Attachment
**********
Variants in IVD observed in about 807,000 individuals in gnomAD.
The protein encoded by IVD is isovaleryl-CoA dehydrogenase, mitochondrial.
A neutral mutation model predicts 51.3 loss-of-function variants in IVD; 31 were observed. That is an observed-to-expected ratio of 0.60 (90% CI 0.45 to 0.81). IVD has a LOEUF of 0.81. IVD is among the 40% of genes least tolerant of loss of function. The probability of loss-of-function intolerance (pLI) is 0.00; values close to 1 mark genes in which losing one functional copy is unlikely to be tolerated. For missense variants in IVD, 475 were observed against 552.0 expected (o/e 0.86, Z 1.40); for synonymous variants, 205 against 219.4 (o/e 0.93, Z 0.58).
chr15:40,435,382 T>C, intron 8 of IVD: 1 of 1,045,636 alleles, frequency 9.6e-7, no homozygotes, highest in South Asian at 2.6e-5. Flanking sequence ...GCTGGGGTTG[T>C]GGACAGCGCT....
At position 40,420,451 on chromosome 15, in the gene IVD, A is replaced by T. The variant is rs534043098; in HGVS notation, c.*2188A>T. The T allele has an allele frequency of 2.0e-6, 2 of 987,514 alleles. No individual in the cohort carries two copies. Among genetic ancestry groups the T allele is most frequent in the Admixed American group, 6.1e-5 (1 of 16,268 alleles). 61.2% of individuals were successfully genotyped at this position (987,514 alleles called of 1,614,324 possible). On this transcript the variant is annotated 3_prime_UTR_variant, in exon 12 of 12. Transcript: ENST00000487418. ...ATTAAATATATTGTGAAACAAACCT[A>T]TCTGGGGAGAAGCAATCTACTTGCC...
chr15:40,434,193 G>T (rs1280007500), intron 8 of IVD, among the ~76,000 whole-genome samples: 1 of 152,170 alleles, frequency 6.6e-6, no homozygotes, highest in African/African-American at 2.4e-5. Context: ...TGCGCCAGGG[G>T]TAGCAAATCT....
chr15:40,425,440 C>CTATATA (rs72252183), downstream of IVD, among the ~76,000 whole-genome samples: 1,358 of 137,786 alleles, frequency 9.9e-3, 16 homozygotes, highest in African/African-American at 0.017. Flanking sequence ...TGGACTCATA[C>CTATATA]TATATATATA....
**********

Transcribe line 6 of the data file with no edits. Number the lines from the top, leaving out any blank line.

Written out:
chr15:40,434,193 G>T (rs1280007500), intron 8 of IVD, among the ~76,000 whole-genome samples: 1 of 152,170 alleles, frequency 6.6e-6, no homozygotes, highest in African/African-American at 2.4e-5. Context: ...TGCGCCAGGG[G>T]TAGCAAATCT....